Book Review: Apache Cookbook

by Daniel Allen

Apache Cookbook

Authors: Ken Coar and Rich Bowen

Publisher: O'Reilly & Associates, November 2003

ISBN: 0-596-00191-6

Price: $29.95 US

Do you run an Apache web server? Do you know how to log your Apache server's error logs to syslogd? How about providing a default favicon image for multiple sites using Apache's ErrorDocument directive? Or how to monitor for brute-force password attacks against Apache's Basic Authentication? Or limit file-upload sizes with Apache directives?

These are a few of the tricks explained in O'Reilly's latest Apache book, the Apache Cookbook. This 236-page reference book has much to offer the Apache administrator who wishes to expand his or her Apache repertoire. This book covers Apache 1.3 and 2.0, under both UNIXish systems and Windows. The authors, Ken Coar and Rich Bowen, are long-time Apache users and active contributors to the Apache HTTPD Documentation Project.

As with other O'Reilly Cookbooks, the book is broken into recipes, which generally are independent problems and their solutions. The recipes are grouped into categories such as Logging, SSL, Virtual Hosts, Security and Performance. Recipes range in length and in complexity.

The book covers includes over 100 recipes, all from real-world problems solved by the authors and discussed in Usenet news, the Apache FAQ, Apache-related mailing lists and IRC channels and other locations. Some should be familiar to the seasoned Apache administrator, but many probably are new. Some examples include Perl code, which is clearly written and easily adapted to other scripting languages if necessary.

Example Recipe: Limiting Upload Size

To examine one representative example, recipe 6.4 is called "Limiting Upload Size". The problem is stated in a couple of sentences, the solution is given in one page of extended code, and a discussion follows with half a page of extended information.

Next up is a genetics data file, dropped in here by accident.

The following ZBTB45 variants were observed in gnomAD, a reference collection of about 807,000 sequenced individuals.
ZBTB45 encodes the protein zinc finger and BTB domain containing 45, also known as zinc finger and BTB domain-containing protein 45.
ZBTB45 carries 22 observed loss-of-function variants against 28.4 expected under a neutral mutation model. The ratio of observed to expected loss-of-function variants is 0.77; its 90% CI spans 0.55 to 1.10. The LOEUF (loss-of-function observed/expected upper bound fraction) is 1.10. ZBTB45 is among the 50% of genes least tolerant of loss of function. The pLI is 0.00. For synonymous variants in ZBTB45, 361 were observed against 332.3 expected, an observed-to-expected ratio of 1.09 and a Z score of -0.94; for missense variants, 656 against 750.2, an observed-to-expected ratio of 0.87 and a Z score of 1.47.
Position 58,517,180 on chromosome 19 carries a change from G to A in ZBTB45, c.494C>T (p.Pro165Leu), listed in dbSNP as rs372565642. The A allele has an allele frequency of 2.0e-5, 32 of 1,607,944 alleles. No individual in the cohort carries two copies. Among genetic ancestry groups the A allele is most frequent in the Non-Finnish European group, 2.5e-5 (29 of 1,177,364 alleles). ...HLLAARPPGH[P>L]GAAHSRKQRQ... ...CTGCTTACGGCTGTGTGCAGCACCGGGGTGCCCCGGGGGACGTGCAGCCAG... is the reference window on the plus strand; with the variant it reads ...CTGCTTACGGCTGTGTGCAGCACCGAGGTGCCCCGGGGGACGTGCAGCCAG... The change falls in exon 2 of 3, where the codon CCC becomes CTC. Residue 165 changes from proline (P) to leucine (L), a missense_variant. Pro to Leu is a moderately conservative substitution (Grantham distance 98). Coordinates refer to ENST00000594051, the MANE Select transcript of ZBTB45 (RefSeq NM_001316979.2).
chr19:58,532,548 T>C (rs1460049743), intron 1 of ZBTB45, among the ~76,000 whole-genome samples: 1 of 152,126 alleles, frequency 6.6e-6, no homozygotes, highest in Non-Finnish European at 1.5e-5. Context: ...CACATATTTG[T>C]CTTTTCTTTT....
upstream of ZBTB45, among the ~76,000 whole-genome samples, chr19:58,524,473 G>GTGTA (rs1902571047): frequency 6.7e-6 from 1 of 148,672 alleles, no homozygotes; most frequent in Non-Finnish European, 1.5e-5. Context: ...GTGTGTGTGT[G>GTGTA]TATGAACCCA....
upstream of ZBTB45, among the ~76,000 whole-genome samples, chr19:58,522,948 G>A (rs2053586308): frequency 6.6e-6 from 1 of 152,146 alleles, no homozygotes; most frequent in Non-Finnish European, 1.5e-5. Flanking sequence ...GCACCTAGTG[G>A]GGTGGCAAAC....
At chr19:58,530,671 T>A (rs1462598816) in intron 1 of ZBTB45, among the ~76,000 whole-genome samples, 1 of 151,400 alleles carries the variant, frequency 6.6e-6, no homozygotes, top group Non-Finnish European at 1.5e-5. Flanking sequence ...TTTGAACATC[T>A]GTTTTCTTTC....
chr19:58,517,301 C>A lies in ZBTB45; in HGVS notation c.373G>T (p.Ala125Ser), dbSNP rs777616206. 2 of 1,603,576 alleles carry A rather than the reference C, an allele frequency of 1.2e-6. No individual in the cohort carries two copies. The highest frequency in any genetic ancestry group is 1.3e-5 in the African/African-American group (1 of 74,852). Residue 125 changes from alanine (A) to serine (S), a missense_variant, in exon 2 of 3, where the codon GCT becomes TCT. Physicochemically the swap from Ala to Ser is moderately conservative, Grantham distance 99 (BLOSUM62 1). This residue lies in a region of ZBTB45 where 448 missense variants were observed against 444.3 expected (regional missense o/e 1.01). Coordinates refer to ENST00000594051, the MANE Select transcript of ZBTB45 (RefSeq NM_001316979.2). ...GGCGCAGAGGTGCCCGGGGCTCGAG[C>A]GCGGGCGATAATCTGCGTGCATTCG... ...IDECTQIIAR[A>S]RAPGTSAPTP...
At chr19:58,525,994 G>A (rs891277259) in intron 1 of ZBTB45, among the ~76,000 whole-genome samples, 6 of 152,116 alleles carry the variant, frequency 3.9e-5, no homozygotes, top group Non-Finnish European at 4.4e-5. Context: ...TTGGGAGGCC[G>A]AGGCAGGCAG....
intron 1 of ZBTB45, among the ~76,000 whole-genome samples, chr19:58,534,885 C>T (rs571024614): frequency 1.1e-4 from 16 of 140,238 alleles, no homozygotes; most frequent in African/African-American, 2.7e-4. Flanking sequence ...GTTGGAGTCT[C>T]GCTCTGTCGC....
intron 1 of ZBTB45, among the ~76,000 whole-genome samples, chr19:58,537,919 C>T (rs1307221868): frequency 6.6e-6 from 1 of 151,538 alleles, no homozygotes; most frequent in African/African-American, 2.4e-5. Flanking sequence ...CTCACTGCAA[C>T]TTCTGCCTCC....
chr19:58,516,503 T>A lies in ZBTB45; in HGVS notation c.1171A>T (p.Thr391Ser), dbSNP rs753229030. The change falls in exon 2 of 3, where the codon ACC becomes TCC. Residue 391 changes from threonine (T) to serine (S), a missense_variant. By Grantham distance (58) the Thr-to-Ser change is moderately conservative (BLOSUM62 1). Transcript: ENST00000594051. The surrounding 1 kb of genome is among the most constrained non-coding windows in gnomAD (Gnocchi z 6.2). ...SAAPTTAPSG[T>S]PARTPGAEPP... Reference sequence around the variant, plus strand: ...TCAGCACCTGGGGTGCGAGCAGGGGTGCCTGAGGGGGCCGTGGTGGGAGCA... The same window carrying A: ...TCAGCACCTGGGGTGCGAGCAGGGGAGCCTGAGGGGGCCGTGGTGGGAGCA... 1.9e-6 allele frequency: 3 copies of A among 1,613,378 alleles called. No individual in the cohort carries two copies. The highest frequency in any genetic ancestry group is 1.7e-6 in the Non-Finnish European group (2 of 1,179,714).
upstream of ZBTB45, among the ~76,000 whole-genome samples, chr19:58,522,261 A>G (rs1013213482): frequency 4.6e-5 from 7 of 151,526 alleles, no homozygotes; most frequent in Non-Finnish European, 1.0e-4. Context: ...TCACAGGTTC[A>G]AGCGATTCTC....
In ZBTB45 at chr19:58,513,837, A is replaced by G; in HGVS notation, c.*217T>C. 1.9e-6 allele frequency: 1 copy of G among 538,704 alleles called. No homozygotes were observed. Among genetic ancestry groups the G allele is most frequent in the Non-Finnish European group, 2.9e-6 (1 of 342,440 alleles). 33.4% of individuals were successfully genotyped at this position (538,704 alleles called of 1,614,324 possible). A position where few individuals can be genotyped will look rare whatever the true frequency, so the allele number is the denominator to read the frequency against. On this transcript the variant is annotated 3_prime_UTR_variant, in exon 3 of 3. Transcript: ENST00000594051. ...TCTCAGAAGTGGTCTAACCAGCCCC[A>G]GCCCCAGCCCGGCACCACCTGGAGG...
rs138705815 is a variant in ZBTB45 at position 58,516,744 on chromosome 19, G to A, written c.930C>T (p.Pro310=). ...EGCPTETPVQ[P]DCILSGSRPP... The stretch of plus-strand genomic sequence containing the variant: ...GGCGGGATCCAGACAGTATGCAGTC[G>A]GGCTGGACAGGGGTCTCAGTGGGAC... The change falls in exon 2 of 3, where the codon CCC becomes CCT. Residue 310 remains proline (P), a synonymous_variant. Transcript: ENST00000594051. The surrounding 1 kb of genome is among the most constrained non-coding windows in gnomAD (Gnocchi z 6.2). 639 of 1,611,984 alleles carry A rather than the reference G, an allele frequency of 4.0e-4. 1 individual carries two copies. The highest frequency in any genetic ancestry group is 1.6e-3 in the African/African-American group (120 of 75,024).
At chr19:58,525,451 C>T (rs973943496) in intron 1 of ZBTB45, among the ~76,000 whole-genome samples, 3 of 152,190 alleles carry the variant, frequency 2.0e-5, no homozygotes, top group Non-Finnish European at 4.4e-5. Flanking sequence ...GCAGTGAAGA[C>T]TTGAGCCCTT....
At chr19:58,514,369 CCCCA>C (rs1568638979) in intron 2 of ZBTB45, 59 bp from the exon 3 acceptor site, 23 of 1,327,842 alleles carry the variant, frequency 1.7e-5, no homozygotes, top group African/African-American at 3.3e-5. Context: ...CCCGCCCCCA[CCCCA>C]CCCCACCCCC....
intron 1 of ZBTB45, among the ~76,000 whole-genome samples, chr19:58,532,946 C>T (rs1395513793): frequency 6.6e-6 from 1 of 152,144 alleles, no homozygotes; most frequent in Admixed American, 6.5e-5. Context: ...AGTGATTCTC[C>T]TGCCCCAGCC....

In this case the problem is: when you allow file uploads, you might want to limit file sizes to, say, 10K. Many people (myself included) have solved this problem by checking file length within the CGI script that processes the upload. The solution described here is setting a policy for an upload location directly in Apache. The second solution makes sense, for example, on servers where you don't trust the CGI-writers or installers to do it themselves.

The book describes the basic solution as follows:



SetEnvIf Content-Length "^[1-9][0-9]{4,}" upload_too_large=1
<Location /upload>
  Order Deny,Allow
  Deny from env=upload_too_large
  ErrorDocument 403 /cgi-bin/remap-403-to-413


The solution illustrates a few interesting concepts: the SetEnvIf directive to set environment variables according to conditional values of other environment variables, checking those values with regular expressions and using environment variables within a Deny statement to control user access.

The solution continues with a 50-line Error Document CGI to differentiate between 403 errors (Document Forbidden) and 413 errors (file too large). The code is written clearly with many comments.

The discussion starts by briefly explaining why they included an ErrorDocument CGI instead of a simple HTML file. It turns out that Deny always changes the server response to a 403 error. Within the /uploads location, you might want to treat regular 403 errors (such as trying to access a forbidden page) differently from your newly created error from a too-large upload.